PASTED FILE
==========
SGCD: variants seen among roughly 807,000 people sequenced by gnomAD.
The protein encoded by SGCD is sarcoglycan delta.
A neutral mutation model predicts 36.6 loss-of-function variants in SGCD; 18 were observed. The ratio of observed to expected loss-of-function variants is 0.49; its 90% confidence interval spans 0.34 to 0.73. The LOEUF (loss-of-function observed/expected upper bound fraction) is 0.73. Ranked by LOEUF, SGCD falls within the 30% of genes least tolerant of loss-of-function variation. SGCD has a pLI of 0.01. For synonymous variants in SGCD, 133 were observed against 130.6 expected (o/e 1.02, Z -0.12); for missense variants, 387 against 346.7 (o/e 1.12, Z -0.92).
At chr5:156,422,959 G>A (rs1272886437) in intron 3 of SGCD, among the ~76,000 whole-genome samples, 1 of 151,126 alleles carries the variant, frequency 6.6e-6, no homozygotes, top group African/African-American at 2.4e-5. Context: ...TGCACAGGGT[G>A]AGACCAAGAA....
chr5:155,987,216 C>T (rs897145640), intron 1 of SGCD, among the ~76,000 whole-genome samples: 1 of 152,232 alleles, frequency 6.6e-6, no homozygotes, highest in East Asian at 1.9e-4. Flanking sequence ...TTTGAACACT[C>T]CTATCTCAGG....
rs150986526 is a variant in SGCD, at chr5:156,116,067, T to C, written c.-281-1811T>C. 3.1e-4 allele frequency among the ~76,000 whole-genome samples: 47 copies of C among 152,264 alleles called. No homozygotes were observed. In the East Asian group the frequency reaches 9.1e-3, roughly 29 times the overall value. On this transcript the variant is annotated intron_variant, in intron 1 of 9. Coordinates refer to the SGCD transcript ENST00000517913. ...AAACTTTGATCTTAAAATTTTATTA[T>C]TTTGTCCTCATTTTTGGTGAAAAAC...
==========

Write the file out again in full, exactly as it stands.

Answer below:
SGCD: variants seen among roughly 807,000 people sequenced by gnomAD.
The protein encoded by SGCD is sarcoglycan delta.
A neutral mutation model predicts 36.6 loss-of-function variants in SGCD; 18 were observed. The ratio of observed to expected loss-of-function variants is 0.49; its 90% confidence interval spans 0.34 to 0.73. The LOEUF (loss-of-function observed/expected upper bound fraction) is 0.73. Ranked by LOEUF, SGCD falls within the 30% of genes least tolerant of loss-of-function variation. SGCD has a pLI of 0.01. For synonymous variants in SGCD, 133 were observed against 130.6 expected (o/e 1.02, Z -0.12); for missense variants, 387 against 346.7 (o/e 1.12, Z -0.92).
At chr5:156,422,959 G>A (rs1272886437) in intron 3 of SGCD, among the ~76,000 whole-genome samples, 1 of 151,126 alleles carries the variant, frequency 6.6e-6, no homozygotes, top group African/African-American at 2.4e-5. Context: ...TGCACAGGGT[G>A]AGACCAAGAA....
chr5:155,987,216 C>T (rs897145640), intron 1 of SGCD, among the ~76,000 whole-genome samples: 1 of 152,232 alleles, frequency 6.6e-6, no homozygotes, highest in East Asian at 1.9e-4. Flanking sequence ...TTTGAACACT[C>T]CTATCTCAGG....
rs150986526 is a variant in SGCD, at chr5:156,116,067, T to C, written c.-281-1811T>C. 3.1e-4 allele frequency among the ~76,000 whole-genome samples: 47 copies of C among 152,264 alleles called. No homozygotes were observed. In the East Asian group the frequency reaches 9.1e-3, roughly 29 times the overall value. On this transcript the variant is annotated intron_variant, in intron 1 of 9. Coordinates refer to the SGCD transcript ENST00000517913. ...AAACTTTGATCTTAAAATTTTATTA[T>C]TTTGTCCTCATTTTTGGTGAAAAAC...